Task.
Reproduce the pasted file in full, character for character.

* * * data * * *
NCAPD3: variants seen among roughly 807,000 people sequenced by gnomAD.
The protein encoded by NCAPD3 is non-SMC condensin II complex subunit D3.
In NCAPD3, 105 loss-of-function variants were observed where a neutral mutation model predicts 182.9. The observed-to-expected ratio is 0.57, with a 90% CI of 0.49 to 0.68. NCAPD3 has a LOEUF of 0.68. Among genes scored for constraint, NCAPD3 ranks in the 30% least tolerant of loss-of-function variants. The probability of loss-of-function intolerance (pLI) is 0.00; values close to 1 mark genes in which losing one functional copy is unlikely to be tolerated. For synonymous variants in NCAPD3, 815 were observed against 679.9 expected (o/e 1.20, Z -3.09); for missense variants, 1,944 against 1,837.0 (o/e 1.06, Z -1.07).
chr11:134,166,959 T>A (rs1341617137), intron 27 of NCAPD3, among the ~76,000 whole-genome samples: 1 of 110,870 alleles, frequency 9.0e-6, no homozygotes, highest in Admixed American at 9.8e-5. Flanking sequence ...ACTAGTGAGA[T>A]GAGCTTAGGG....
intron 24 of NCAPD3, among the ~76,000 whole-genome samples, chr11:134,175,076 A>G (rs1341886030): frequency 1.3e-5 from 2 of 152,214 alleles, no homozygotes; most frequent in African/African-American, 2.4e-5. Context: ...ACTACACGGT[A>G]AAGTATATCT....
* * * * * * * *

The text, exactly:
NCAPD3: variants seen among roughly 807,000 people sequenced by gnomAD.
The protein encoded by NCAPD3 is non-SMC condensin II complex subunit D3.
In NCAPD3, 105 loss-of-function variants were observed where a neutral mutation model predicts 182.9. The observed-to-expected ratio is 0.57, with a 90% CI of 0.49 to 0.68. NCAPD3 has a LOEUF of 0.68. Among genes scored for constraint, NCAPD3 ranks in the 30% least tolerant of loss-of-function variants. The probability of loss-of-function intolerance (pLI) is 0.00; values close to 1 mark genes in which losing one functional copy is unlikely to be tolerated. For synonymous variants in NCAPD3, 815 were observed against 679.9 expected (o/e 1.20, Z -3.09); for missense variants, 1,944 against 1,837.0 (o/e 1.06, Z -1.07).
chr11:134,166,959 T>A (rs1341617137), intron 27 of NCAPD3, among the ~76,000 whole-genome samples: 1 of 110,870 alleles, frequency 9.0e-6, no homozygotes, highest in Admixed American at 9.8e-5. Flanking sequence ...ACTAGTGAGA[T>A]GAGCTTAGGG....
intron 24 of NCAPD3, among the ~76,000 whole-genome samples, chr11:134,175,076 A>G (rs1341886030): frequency 1.3e-5 from 2 of 152,214 alleles, no homozygotes; most frequent in African/African-American, 2.4e-5. Context: ...ACTACACGGT[A>G]AAGTATATCT....